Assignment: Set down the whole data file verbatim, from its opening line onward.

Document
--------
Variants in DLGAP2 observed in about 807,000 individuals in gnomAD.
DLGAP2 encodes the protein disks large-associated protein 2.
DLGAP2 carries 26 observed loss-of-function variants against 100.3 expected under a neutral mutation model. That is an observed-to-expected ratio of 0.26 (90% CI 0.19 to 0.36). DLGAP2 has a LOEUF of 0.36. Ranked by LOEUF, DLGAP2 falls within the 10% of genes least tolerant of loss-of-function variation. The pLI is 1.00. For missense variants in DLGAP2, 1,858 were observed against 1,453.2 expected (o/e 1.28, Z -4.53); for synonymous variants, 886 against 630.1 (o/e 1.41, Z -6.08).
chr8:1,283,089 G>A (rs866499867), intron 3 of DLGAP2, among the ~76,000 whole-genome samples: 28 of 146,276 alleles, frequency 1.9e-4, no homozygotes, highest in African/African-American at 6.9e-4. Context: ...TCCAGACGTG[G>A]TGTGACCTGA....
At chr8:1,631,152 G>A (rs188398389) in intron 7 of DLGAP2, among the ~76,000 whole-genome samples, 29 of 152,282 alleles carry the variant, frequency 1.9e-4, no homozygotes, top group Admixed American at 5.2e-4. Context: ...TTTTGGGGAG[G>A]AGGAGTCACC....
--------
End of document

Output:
Variants in DLGAP2 observed in about 807,000 individuals in gnomAD.
DLGAP2 encodes the protein disks large-associated protein 2.
DLGAP2 carries 26 observed loss-of-function variants against 100.3 expected under a neutral mutation model. That is an observed-to-expected ratio of 0.26 (90% CI 0.19 to 0.36). DLGAP2 has a LOEUF of 0.36. Ranked by LOEUF, DLGAP2 falls within the 10% of genes least tolerant of loss-of-function variation. The pLI is 1.00. For missense variants in DLGAP2, 1,858 were observed against 1,453.2 expected (o/e 1.28, Z -4.53); for synonymous variants, 886 against 630.1 (o/e 1.41, Z -6.08).
chr8:1,283,089 G>A (rs866499867), intron 3 of DLGAP2, among the ~76,000 whole-genome samples: 28 of 146,276 alleles, frequency 1.9e-4, no homozygotes, highest in African/African-American at 6.9e-4. Context: ...TCCAGACGTG[G>A]TGTGACCTGA....
At chr8:1,631,152 G>A (rs188398389) in intron 7 of DLGAP2, among the ~76,000 whole-genome samples, 29 of 152,282 alleles carry the variant, frequency 1.9e-4, no homozygotes, top group Admixed American at 5.2e-4. Context: ...TTTTGGGGAG[G>A]AGGAGTCACC....